Barghouti and Taraki claim that Israeli academic institutions are “all implicated in their state’s racist and colonial policies by providing the practical and ideological support necessary for the maintenance of the occupation.” They provide “consultancy services to the military and security establishment and sponsor research that justifies ethnic cleansing, extra-judicial killings, racial segregation and land expropriation.” No Israeli university body has “publicly censured academics producing racist work under the guise of scholarship.”

“Not only do most Israeli academics defend or justify their state’s colonial narrative, they play a more active role in the process of oppression.” According to Barghouti and Taraki, almost all of them obediently serve in the occupation army’s reserve forces every year, thereby participating in, or at least witnessing in silence, crimes committed with impunity against Palestinian civilians. Since the beginning of the illegal Israeli occupation in 1967, “very few academics” have conscientiously objected to military service in the occupied territories.[9] Those who have politically opposed the colonization of Palestinian land in any public form “have also remained in a depressingly tiny minority.”[10]

Tricky Business
The Palestinian call for an academic and cultural boycott of Israeli institutions that support the occupation of the Palestinian people and the Israeli colonial narrative is tricky business, partly because those who support it know, like Tanya Reinhart of Tel Aviv University and the University of Utrecht, that “the global Israeli lobby has tracked down, one by one, those who have declared support of the boycott, and have tried to make their lives miserable.”[11]

But perhaps the trickier part of it is that it will sometimes be difficult to boycott the institution without hurting those who support the cause but disagree with the boycott. A Jewish academic recently told me that she had again refused to collaborate with an Israeli academic institution because she supports the boycott call, but she had also made an exception for a person she knew because she felt that if she had boycotted her too, she would have “betrayed” her. Many, I suspect, have found themselves in that situation and have had to make difficult, if different choices.

The call may also have the undesired effect of discouraging, or indeed creating new obstacles for those, on both sides of the apartheid wall, who believe there are other, “less ludicrous” and more “constructive” ways of tearing that wall down.[12] It is true that the boycott is aimed at institutions that have passively, or even actively supported the illegal occupation, but it is also true that brave individuals within those institutions have gone against the grain and they need all the support they can get. In the short term, as Avraham Oz has shown, they may feel doubly wronged; in the longer term, perhaps, as the South African example has shown, their brave and conscientious choices may be vindicated.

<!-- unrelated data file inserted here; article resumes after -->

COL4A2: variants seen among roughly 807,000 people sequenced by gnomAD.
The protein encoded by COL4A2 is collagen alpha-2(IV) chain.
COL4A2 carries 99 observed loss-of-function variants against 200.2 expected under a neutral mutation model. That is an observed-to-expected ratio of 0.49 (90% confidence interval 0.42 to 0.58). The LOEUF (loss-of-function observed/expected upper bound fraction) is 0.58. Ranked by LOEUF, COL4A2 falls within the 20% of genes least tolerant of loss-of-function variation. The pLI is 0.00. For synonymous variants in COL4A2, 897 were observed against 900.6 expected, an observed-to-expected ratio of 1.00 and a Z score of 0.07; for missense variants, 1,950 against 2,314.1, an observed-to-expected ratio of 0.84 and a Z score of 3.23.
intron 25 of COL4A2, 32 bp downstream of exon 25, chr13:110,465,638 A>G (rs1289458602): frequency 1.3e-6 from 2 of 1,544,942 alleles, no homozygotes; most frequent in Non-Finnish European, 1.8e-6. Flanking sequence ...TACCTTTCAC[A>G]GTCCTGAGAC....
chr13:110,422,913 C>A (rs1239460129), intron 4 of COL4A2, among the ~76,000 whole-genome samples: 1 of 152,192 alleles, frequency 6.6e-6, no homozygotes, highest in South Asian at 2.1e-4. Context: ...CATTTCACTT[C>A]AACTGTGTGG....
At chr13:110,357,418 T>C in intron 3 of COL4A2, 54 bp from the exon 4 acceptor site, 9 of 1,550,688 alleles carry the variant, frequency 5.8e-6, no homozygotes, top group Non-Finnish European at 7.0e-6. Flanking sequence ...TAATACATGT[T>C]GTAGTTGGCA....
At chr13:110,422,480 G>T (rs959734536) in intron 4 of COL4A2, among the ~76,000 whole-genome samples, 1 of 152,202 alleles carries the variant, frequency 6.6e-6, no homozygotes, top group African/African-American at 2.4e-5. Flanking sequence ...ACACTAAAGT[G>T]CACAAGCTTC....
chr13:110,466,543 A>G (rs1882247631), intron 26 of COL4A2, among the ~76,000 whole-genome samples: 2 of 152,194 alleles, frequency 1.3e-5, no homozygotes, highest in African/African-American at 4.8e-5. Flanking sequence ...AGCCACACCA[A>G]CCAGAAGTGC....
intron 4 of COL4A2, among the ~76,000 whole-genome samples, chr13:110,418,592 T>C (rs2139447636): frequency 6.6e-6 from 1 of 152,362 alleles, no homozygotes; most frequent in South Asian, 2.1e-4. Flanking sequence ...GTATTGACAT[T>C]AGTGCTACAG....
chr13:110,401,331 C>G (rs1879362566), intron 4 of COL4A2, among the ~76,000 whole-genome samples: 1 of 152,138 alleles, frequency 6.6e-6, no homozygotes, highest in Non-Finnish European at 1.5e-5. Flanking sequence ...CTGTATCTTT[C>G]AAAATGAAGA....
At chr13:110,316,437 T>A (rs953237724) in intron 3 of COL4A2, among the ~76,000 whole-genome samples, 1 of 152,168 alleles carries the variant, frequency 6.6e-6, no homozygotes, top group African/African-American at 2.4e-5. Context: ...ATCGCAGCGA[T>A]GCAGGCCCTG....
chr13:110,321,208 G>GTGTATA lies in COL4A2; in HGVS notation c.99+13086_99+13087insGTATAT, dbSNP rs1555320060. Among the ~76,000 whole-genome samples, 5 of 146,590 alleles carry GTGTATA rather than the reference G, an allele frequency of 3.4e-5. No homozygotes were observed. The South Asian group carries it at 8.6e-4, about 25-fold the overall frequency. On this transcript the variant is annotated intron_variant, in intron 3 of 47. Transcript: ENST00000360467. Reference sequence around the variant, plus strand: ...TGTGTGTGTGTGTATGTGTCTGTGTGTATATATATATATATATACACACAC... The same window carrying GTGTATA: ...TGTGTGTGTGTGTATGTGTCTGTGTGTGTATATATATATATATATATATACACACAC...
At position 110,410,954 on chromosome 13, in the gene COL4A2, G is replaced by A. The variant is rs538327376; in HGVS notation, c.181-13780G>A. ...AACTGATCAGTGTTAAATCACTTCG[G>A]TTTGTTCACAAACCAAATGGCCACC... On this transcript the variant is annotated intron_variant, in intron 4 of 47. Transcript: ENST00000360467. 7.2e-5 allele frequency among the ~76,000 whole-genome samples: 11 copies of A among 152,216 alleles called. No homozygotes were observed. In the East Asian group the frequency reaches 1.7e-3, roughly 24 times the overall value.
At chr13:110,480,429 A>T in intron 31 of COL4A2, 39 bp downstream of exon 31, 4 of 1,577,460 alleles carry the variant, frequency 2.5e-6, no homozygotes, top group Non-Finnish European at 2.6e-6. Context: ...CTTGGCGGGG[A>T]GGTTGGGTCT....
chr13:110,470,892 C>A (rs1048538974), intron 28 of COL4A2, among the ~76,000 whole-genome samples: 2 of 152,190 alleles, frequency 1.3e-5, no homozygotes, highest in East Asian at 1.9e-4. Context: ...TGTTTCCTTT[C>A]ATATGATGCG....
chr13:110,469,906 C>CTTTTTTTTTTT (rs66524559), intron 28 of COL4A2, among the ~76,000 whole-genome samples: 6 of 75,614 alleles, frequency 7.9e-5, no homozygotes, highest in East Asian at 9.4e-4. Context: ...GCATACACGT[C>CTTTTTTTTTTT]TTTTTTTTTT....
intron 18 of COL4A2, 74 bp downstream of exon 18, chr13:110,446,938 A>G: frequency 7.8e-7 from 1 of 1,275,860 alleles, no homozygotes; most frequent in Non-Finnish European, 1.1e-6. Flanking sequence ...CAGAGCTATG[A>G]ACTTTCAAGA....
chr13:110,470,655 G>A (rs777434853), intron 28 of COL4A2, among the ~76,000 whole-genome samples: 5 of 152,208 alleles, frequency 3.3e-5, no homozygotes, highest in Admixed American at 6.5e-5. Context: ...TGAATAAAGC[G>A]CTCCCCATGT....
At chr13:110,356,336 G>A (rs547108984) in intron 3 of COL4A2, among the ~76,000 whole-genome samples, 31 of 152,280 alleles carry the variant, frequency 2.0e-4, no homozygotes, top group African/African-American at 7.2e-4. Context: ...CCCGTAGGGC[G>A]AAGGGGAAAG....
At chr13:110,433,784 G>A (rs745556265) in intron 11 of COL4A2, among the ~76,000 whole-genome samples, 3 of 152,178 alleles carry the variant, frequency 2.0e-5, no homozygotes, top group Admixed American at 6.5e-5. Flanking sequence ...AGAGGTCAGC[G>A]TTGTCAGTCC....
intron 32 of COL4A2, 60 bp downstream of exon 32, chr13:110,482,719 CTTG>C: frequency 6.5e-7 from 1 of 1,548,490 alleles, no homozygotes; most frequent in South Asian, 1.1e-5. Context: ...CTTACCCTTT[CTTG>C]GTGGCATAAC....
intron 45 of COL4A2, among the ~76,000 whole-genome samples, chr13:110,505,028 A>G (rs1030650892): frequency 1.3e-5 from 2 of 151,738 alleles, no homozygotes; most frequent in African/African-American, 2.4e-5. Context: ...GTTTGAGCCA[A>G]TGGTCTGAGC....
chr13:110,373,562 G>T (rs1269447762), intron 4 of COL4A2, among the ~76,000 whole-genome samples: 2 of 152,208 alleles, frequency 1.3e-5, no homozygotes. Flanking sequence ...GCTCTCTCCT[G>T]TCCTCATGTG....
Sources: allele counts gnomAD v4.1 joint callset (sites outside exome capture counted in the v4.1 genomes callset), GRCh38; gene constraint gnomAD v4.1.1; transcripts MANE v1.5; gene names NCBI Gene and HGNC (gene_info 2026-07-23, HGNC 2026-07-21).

The key issue is that it is the Palestinian people themselves, those who have experienced the ethnic cleansing of their villages in the naqba and the daily illegal occupation of their homes, villages and cities, together with the many betrayals of their cause, who have made this call. Moreover, it is undeniable, as Pappe has publicly argued, that “the boycott on academia is part of a growing boycott that isn’t reported on.”[13] Framing it within an official call, and using it “selectively and only under clearly defined conditions,”[14] can make it more effective. And it has the potential, as South Africa has shown, to bring about an end to the violence in a non-violent way.

[1] “Avraham Oz,”


[3] “Boycotting Israeli academics,” The Guardian, April 19, 2005,,9959,1463130,00.html.

[4] Avraham Oz, “A Middle East Update, 26 May 2005: Naqba Commemoration; the AUT boycott,”

[5] Oren Ben-Dor, “To Create It, an Academic Boycott is Needed. Academic Freedom in Israel is Central to Resolving the Conflict,” CounterPunch, May 21/22,

[6] The article, “From Budrus to Bil’in — to Boycott,” by Beate Zilversmidt is also available here,

[7] Omar Barghouti and Lisa Taraki, “Why we ask for a boycott,” The Guardian, Wednesday April 20, 2005,,10551,1463752,00.html.

[8] Barghouti and Taraki, “Why we ask for a boycott.”

[9] 352 faculty members from a number of Israeli universities have written an open letter to express their “appreciation and support for those of our students and lecturers who refuse to serve as soldiers in the occupied territories.” “Open Letter from Faculty Members,”

[10] Omar Barghouti and Lisa Taraki, “The AUT Boycott: Freedom vs. ‘Academic Freedom,’”
The Electronic Intifada, 31 May 2005,

[11] Tanya Reinhart, “Why Us? (On the academic boycott),” Yediot Aharonot, May 4, 2005, Translated from Hebrew by Mark Marshall. See also See also Tanya Reinhart, “Academic Boycott: In Support Of Paris VI,” February 04, 2003,

[12] Quotes from “Adoring Bread. Adrian Grima interviews Jack Arbib. Part 2,” Babelmed, June 2005,

[13] Meron Rappaport, “Alone on the Barricades,” Ha’aretz, May 6, 2005,

[14] Bricup at

Adrian Grima